Leopold I, 1676-1747, prince of Anhalt-Dessau (1693-1747). He served as field marshal in the Prussian army and was nicknamed "the Old Dessauer." As chief military adviser to King Frederick William I of Prussia, he reorganized the Prussian infantry, making it the best in Europe. A stern disciplinarian, Leopold was an able commander. He also helped introduce administrative reform in Prussia. In the War of the Austrian Succession (1740-48) his victory at Kesseldorf (1745) helped bring about the Treaty of Dresden between Prussia and Austria.
Leopold I, grand duke of Tuscany: see Leopold II, Holy Roman emperor.

(born June 9, 1640 Vienna, Austria—died May 5, 1705, Vienna) Holy Roman emperor (1658–1705). Son of Ferdinand III, Leopold was a devout Catholic destined for the church, but, when his elder brother died unexpectedly (1654), he became heir apparent to the Austrian Habsburg lands. He was crowned successively king of Hungary (1655) and of Bohemia (1656), and with his father's death Leopold became emperor in 1658. During his lengthy reign Austria emerged from a series of struggles to become a great European power. In 1683 the Turks besieged Vienna and were repulsed; war continued until the Turks were defeated and ceded control of Hungary in the Treaty of Carlowitz (1699). Leopold also entered into the War of the Grand Alliance, but the unfavourable peace treaty ceded Strasbourg to France. He was drawn into the War of the Spanish Succession, and he died before its end. His third marriage, to Eleonore of Palatinate-Neuburg, was a happy union that produced 10 children, including the future emperors Joseph I and Charles VI.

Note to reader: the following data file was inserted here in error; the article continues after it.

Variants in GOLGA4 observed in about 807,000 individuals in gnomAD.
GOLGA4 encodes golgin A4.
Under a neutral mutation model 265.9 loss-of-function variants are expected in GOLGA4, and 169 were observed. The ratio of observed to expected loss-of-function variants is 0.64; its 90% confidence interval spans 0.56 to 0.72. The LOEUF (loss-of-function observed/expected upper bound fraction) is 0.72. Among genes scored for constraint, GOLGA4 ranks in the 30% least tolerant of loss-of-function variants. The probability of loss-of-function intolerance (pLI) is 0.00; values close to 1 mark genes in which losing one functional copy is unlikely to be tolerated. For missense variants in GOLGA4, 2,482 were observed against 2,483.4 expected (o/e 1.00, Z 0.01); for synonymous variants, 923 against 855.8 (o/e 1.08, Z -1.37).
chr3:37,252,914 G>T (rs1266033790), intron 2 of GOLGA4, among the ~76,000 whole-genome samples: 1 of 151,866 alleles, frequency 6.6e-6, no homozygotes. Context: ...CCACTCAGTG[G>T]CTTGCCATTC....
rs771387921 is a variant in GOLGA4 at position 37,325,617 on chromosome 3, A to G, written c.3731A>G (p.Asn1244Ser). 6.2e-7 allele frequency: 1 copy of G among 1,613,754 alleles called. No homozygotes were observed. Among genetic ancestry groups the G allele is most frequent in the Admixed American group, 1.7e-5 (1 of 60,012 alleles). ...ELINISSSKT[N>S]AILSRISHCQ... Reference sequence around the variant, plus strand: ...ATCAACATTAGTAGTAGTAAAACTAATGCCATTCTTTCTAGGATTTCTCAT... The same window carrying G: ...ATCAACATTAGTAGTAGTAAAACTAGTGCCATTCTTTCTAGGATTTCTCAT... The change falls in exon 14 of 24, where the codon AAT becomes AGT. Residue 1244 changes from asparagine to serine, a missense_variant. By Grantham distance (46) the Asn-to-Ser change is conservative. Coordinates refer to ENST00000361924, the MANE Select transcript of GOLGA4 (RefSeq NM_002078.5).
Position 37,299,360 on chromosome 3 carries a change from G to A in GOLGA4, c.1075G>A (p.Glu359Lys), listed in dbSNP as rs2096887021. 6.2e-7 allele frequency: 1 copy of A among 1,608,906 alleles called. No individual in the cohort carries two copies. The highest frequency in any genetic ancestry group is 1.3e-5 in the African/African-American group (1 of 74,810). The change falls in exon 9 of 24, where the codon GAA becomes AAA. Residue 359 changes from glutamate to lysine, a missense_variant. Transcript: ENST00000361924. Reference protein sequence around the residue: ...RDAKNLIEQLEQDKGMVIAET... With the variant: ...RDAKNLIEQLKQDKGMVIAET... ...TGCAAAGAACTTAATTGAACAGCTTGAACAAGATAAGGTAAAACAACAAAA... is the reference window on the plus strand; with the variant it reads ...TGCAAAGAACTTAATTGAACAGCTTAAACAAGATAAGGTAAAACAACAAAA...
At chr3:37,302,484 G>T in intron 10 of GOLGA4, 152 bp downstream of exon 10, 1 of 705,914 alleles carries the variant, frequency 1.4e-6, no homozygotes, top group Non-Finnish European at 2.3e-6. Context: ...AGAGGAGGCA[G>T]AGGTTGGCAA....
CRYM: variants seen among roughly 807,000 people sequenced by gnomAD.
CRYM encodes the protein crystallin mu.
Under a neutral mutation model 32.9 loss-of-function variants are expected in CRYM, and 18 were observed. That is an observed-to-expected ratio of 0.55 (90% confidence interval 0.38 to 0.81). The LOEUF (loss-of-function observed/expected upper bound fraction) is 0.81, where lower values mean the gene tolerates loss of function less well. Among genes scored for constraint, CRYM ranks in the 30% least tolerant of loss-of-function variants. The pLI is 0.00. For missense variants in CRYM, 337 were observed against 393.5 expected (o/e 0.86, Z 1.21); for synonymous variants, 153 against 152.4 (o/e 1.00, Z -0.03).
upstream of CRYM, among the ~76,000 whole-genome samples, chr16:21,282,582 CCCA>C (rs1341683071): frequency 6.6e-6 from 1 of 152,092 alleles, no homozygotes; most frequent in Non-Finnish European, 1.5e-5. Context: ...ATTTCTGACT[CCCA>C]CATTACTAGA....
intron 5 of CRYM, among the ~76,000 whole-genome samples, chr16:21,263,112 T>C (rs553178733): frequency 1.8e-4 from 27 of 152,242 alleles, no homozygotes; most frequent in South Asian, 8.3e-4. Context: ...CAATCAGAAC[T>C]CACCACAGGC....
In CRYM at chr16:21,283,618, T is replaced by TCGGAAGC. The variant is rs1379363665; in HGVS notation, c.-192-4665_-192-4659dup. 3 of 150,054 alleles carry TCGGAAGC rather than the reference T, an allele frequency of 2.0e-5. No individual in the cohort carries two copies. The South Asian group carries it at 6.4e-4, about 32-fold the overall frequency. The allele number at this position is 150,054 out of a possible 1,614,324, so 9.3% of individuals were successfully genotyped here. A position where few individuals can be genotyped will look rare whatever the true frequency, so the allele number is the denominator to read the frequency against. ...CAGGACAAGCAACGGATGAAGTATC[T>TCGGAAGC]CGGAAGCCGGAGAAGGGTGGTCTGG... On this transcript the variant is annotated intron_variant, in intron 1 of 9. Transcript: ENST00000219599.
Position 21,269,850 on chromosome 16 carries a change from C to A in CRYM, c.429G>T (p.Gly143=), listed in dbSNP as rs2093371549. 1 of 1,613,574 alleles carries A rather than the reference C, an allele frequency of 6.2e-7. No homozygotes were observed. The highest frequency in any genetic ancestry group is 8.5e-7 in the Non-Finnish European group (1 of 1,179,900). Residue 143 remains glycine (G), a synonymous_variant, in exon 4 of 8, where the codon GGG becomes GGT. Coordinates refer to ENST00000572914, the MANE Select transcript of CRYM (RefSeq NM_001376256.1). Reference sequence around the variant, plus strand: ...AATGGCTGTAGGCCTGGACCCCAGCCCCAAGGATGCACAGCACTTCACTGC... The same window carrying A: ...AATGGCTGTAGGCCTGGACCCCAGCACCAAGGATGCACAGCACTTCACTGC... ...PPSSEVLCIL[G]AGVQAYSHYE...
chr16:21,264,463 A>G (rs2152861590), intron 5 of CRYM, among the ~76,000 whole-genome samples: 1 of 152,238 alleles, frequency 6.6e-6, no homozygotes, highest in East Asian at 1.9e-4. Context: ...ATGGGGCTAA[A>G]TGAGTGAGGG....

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Leopold I (Leopold George Christian Frederick (in German Leopold Georg Christian Friedrich) Prince of Saxe-Coburg-Saalfeld, later Prince of Saxe-Coburg and Gotha, Duke of Saxony) (16 December, 179010 December, 1865) was from 21 July, 1831 the first King of the Belgians. He was the founder of the Belgian line of the House of Saxe-Coburg-Gotha. His children included Leopold II of Belgium and Empress Carlota of Mexico.

He was born in Coburg and died in Laeken.

Early life

He was the youngest son of Franz Frederick Anton, Duke of Saxe-Coburg-Saalfeld and Countess Augusta Reuss-Ebersdorf, and later became a prince of Saxe-Coburg and Gotha after the territorial swap by his father of Ehrenburg Castle in the Bavarian town of Coburg. He was also an uncle of Queen Victoria of the United Kingdom.

In 1795, as a mere child, Leopold was appointed colonel of the Izmaylovsky Imperial Regiment in Russia. Seven years later he became a major general. When Napoleonic troops occupied the Duchy of Saxe-Coburg in 1806 Leopold went to Paris. Napoléon offered him the position of adjutant, but he refused. Instead he took up a military career in the Imperial Russian cavalry. He campaigned against Napoléon, and distinguished himself at the Battle of Kulm at the head of his cuirassier division. In 1815, Leopold reached the rank of lieutenant general in the Imperial Russian Army.